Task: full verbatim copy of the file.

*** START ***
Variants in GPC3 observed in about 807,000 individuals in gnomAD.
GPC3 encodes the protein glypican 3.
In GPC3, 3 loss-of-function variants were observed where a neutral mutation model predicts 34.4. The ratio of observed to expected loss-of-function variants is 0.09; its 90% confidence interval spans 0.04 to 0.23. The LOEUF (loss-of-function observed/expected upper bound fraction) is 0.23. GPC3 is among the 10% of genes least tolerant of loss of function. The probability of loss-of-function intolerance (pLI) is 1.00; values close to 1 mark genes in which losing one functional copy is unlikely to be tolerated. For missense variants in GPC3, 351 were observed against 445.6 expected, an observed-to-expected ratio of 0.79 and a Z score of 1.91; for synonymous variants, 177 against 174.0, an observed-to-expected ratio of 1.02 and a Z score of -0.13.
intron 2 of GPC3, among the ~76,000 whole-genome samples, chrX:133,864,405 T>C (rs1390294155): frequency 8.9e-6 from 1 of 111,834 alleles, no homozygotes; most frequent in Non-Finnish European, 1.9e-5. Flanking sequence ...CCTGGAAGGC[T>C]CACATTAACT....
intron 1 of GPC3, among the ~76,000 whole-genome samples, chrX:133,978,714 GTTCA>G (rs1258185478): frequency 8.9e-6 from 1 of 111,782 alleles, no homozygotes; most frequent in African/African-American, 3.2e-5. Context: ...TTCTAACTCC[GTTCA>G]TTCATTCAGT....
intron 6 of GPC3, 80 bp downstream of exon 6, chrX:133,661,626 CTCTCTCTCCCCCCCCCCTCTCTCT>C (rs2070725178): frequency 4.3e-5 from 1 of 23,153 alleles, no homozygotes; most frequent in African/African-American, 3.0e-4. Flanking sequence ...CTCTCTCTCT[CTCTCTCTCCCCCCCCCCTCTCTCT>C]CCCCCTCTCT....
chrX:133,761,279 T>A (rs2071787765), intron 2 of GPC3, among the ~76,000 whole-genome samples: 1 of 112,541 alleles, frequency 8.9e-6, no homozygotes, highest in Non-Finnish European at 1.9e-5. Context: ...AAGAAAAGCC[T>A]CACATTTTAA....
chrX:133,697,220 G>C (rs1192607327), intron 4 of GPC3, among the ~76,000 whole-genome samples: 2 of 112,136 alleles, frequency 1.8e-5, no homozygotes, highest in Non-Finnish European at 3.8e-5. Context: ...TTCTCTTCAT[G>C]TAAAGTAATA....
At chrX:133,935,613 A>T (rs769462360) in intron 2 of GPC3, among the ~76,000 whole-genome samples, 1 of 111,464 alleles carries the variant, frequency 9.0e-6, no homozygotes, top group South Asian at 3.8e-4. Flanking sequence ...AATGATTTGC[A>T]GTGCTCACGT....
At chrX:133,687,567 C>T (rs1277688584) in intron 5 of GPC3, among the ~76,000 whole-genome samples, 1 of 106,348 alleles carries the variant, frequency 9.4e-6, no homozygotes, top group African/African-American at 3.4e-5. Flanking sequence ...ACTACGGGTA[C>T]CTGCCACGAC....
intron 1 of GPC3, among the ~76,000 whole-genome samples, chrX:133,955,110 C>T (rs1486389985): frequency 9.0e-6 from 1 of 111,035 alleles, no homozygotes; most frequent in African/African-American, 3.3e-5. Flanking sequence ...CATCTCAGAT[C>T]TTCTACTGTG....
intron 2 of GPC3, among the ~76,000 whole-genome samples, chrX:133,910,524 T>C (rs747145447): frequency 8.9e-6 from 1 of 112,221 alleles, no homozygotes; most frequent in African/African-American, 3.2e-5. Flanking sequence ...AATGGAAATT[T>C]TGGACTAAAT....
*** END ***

Variants in GPC3 observed in about 807,000 individuals in gnomAD.
GPC3 encodes the protein glypican 3.
In GPC3, 3 loss-of-function variants were observed where a neutral mutation model predicts 34.4. The ratio of observed to expected loss-of-function variants is 0.09; its 90% confidence interval spans 0.04 to 0.23. The LOEUF (loss-of-function observed/expected upper bound fraction) is 0.23. GPC3 is among the 10% of genes least tolerant of loss of function. The probability of loss-of-function intolerance (pLI) is 1.00; values close to 1 mark genes in which losing one functional copy is unlikely to be tolerated. For missense variants in GPC3, 351 were observed against 445.6 expected, an observed-to-expected ratio of 0.79 and a Z score of 1.91; for synonymous variants, 177 against 174.0, an observed-to-expected ratio of 1.02 and a Z score of -0.13.
intron 2 of GPC3, among the ~76,000 whole-genome samples, chrX:133,864,405 T>C (rs1390294155): frequency 8.9e-6 from 1 of 111,834 alleles, no homozygotes; most frequent in Non-Finnish European, 1.9e-5. Flanking sequence ...CCTGGAAGGC[T>C]CACATTAACT....
intron 1 of GPC3, among the ~76,000 whole-genome samples, chrX:133,978,714 GTTCA>G (rs1258185478): frequency 8.9e-6 from 1 of 111,782 alleles, no homozygotes; most frequent in African/African-American, 3.2e-5. Context: ...TTCTAACTCC[GTTCA>G]TTCATTCAGT....
intron 6 of GPC3, 80 bp downstream of exon 6, chrX:133,661,626 CTCTCTCTCCCCCCCCCCTCTCTCT>C (rs2070725178): frequency 4.3e-5 from 1 of 23,153 alleles, no homozygotes; most frequent in African/African-American, 3.0e-4. Flanking sequence ...CTCTCTCTCT[CTCTCTCTCCCCCCCCCCTCTCTCT>C]CCCCCTCTCT....
chrX:133,761,279 T>A (rs2071787765), intron 2 of GPC3, among the ~76,000 whole-genome samples: 1 of 112,541 alleles, frequency 8.9e-6, no homozygotes, highest in Non-Finnish European at 1.9e-5. Context: ...AAGAAAAGCC[T>A]CACATTTTAA....
chrX:133,697,220 G>C (rs1192607327), intron 4 of GPC3, among the ~76,000 whole-genome samples: 2 of 112,136 alleles, frequency 1.8e-5, no homozygotes, highest in Non-Finnish European at 3.8e-5. Context: ...TTCTCTTCAT[G>C]TAAAGTAATA....
At chrX:133,935,613 A>T (rs769462360) in intron 2 of GPC3, among the ~76,000 whole-genome samples, 1 of 111,464 alleles carries the variant, frequency 9.0e-6, no homozygotes, top group South Asian at 3.8e-4. Flanking sequence ...AATGATTTGC[A>T]GTGCTCACGT....
At chrX:133,687,567 C>T (rs1277688584) in intron 5 of GPC3, among the ~76,000 whole-genome samples, 1 of 106,348 alleles carries the variant, frequency 9.4e-6, no homozygotes, top group African/African-American at 3.4e-5. Flanking sequence ...ACTACGGGTA[C>T]CTGCCACGAC....
intron 1 of GPC3, among the ~76,000 whole-genome samples, chrX:133,955,110 C>T (rs1486389985): frequency 9.0e-6 from 1 of 111,035 alleles, no homozygotes; most frequent in African/African-American, 3.3e-5. Flanking sequence ...CATCTCAGAT[C>T]TTCTACTGTG....
intron 2 of GPC3, among the ~76,000 whole-genome samples, chrX:133,910,524 T>C (rs747145447): frequency 8.9e-6 from 1 of 112,221 alleles, no homozygotes; most frequent in African/African-American, 3.2e-5. Flanking sequence ...AATGGAAATT[T>C]TGGACTAAAT....